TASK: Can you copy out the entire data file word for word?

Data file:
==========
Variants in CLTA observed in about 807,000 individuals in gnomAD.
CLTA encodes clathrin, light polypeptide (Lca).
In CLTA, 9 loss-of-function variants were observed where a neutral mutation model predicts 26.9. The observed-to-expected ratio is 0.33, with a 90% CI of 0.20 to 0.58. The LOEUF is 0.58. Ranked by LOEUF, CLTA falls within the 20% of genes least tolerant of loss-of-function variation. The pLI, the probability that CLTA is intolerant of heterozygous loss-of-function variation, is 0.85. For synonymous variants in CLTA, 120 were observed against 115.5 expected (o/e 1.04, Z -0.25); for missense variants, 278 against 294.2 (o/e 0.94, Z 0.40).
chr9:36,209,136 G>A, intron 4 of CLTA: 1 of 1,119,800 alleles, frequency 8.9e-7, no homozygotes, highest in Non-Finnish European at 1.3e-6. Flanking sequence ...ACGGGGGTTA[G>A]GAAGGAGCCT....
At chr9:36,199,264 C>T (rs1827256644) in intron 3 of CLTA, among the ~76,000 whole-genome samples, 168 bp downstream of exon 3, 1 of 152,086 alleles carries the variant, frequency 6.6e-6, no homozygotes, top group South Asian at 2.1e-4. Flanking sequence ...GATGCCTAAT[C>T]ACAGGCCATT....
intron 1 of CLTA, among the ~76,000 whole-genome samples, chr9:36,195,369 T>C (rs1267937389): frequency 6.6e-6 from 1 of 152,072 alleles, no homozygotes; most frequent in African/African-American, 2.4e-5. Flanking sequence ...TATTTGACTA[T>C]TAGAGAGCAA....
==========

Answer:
Variants in CLTA observed in about 807,000 individuals in gnomAD.
CLTA encodes clathrin, light polypeptide (Lca).
In CLTA, 9 loss-of-function variants were observed where a neutral mutation model predicts 26.9. The observed-to-expected ratio is 0.33, with a 90% CI of 0.20 to 0.58. The LOEUF is 0.58. Ranked by LOEUF, CLTA falls within the 20% of genes least tolerant of loss-of-function variation. The pLI, the probability that CLTA is intolerant of heterozygous loss-of-function variation, is 0.85. For synonymous variants in CLTA, 120 were observed against 115.5 expected (o/e 1.04, Z -0.25); for missense variants, 278 against 294.2 (o/e 0.94, Z 0.40).
chr9:36,209,136 G>A, intron 4 of CLTA: 1 of 1,119,800 alleles, frequency 8.9e-7, no homozygotes, highest in Non-Finnish European at 1.3e-6. Flanking sequence ...ACGGGGGTTA[G>A]GAAGGAGCCT....
At chr9:36,199,264 C>T (rs1827256644) in intron 3 of CLTA, among the ~76,000 whole-genome samples, 168 bp downstream of exon 3, 1 of 152,086 alleles carries the variant, frequency 6.6e-6, no homozygotes, top group South Asian at 2.1e-4. Flanking sequence ...GATGCCTAAT[C>T]ACAGGCCATT....
intron 1 of CLTA, among the ~76,000 whole-genome samples, chr9:36,195,369 T>C (rs1267937389): frequency 6.6e-6 from 1 of 152,072 alleles, no homozygotes; most frequent in African/African-American, 2.4e-5. Flanking sequence ...TATTTGACTA[T>C]TAGAGAGCAA....